Doing distance study, no-one can hear you scream.

[This is a submission for an issue of Library Life ]

Distance study is lonely and frustrating.  As supportive as family and friends are, no-one else quite gets what you’re going through as much as people who have the same deadlines, the same pressures with the same assignments.  I’m almost finished my MIS, doing it full time by distance, and I’ve come up with a  few strategies to help, and some excellent resources.

1) You’re not really alone.

There are others facing exactly the same problems.  In each class, find a buddy – someone you can talk to about the course.  You can agree to IM each other, or text, or connect in whatever way suits you both, but your buddy is your go-to guy for that paper.  Sometimes just a “how’s it going?” from someone else is all you need, so remember its not a one way street.

2) The inter-tubes are your friend.

Not only are there a bunch of people in your class that are sharing the same problem, there are people all over the world.  #libraryschool on twitter is a good place to start – and hear others comment on their experience of doing the same kind of papers you are.  Hack Library School (http://hacklibschool.wordpress.com) is a US based blog that has a huge amount of useful advice, and it’s archives are really worth hunting through.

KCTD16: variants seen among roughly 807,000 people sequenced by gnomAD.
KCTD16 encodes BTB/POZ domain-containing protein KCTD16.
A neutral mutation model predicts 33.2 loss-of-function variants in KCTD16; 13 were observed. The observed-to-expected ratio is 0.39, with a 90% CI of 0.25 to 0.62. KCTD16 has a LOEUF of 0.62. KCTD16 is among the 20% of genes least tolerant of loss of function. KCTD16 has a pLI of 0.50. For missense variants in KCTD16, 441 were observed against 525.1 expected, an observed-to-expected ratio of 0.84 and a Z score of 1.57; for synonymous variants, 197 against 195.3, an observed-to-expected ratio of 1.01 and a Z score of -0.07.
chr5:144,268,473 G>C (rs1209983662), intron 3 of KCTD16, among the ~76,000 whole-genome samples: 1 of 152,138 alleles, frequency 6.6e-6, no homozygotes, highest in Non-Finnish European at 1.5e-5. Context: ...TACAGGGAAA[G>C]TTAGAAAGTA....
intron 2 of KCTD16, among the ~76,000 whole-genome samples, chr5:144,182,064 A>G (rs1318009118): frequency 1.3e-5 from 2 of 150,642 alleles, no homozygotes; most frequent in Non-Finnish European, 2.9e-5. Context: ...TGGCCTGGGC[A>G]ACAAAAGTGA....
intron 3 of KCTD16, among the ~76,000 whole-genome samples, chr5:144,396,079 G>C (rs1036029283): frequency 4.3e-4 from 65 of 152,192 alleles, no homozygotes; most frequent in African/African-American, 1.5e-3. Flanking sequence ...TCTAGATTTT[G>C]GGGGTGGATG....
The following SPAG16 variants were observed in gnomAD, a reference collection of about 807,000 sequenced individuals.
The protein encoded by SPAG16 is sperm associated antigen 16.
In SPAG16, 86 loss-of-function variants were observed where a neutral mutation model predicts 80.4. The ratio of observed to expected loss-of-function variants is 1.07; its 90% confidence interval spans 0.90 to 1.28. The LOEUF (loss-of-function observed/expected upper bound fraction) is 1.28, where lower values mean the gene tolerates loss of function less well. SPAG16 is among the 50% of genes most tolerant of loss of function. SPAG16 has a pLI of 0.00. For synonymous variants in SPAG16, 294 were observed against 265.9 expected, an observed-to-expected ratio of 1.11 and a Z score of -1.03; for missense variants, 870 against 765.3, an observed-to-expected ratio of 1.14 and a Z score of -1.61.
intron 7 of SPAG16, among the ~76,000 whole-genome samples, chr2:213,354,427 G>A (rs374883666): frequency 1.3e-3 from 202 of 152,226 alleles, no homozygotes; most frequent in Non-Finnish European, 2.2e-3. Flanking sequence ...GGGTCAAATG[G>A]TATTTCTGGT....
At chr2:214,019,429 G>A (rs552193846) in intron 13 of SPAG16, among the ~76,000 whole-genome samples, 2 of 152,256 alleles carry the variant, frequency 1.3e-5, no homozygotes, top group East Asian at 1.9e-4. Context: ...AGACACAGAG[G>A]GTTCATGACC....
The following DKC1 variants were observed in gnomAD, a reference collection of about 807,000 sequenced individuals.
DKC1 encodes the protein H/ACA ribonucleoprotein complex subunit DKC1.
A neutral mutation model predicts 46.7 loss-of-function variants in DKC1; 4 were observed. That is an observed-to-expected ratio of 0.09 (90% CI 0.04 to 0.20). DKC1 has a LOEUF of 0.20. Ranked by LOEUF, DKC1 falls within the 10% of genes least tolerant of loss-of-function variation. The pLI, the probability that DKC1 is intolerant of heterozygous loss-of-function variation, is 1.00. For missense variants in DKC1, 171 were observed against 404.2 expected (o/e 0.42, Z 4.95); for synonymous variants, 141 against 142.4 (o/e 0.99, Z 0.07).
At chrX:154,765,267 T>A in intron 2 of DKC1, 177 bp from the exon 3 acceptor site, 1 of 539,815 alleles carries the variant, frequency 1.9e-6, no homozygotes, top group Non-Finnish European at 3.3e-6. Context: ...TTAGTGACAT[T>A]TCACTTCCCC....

3) LIANZA rocks.

Your local LIANZA group has meetups and events.  It doesn’t matter if the event is focussed on another kind of librarianship than you are interested in, meeting other professionals locally who have been through the challenges you are facing now is always enlightening.  If they invite you for dinner or drinks after an event, go!

4) Get Mentored.

Mentoring is a funny thing, and it can be hard to ask someone you admire to help.  Remember, mentoring works both ways: it is a benefit for both of you.  Find someone whose attitude and skills you admire  – they can be a boss, a colleague, even someone younger but who may have more experience in what you want to pick up – and arrange to meet occasionally.  You can make it as formal or ad-hoc as you like, but agree between you how you’d like it to work.  LIANZA have a formal set of guidelines for mentoring someone through professional registration (http://bit.ly/Vbamy1) but it doesn’t have to be so hard core.  Mine just buys me coffee, lets me cry on her shoulder, and puts me onto possible jobs.

Distance study is a challenge – but the steps above can help you connect with others in ways similar to being in a class.  In fact, having to actively seek connections with a buddy or a mentor, follow and belong to an internet based community is probably better network skill building for your professional career than just chatting with classmates.

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